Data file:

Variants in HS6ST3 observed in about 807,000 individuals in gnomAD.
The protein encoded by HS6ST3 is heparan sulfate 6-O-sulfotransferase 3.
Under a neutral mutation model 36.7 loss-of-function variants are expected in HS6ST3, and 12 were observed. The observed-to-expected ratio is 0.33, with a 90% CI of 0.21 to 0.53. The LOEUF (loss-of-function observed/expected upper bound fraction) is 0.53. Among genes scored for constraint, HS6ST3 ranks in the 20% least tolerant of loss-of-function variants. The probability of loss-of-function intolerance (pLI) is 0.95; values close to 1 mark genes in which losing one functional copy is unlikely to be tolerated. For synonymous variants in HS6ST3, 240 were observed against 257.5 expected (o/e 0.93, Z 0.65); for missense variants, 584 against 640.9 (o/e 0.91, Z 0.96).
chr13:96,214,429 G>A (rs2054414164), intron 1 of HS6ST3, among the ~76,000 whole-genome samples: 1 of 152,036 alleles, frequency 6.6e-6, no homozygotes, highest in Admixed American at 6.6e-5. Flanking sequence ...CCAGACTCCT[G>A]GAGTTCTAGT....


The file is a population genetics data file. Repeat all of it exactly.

Variants in HS6ST3 observed in about 807,000 individuals in gnomAD.
The protein encoded by HS6ST3 is heparan sulfate 6-O-sulfotransferase 3.
Under a neutral mutation model 36.7 loss-of-function variants are expected in HS6ST3, and 12 were observed. The observed-to-expected ratio is 0.33, with a 90% CI of 0.21 to 0.53. The LOEUF (loss-of-function observed/expected upper bound fraction) is 0.53. Among genes scored for constraint, HS6ST3 ranks in the 20% least tolerant of loss-of-function variants. The probability of loss-of-function intolerance (pLI) is 0.95; values close to 1 mark genes in which losing one functional copy is unlikely to be tolerated. For synonymous variants in HS6ST3, 240 were observed against 257.5 expected (o/e 0.93, Z 0.65); for missense variants, 584 against 640.9 (o/e 0.91, Z 0.96).
chr13:96,214,429 G>A (rs2054414164), intron 1 of HS6ST3, among the ~76,000 whole-genome samples: 1 of 152,036 alleles, frequency 6.6e-6, no homozygotes, highest in Admixed American at 6.6e-5. Flanking sequence ...CCAGACTCCT[G>A]GAGTTCTAGT....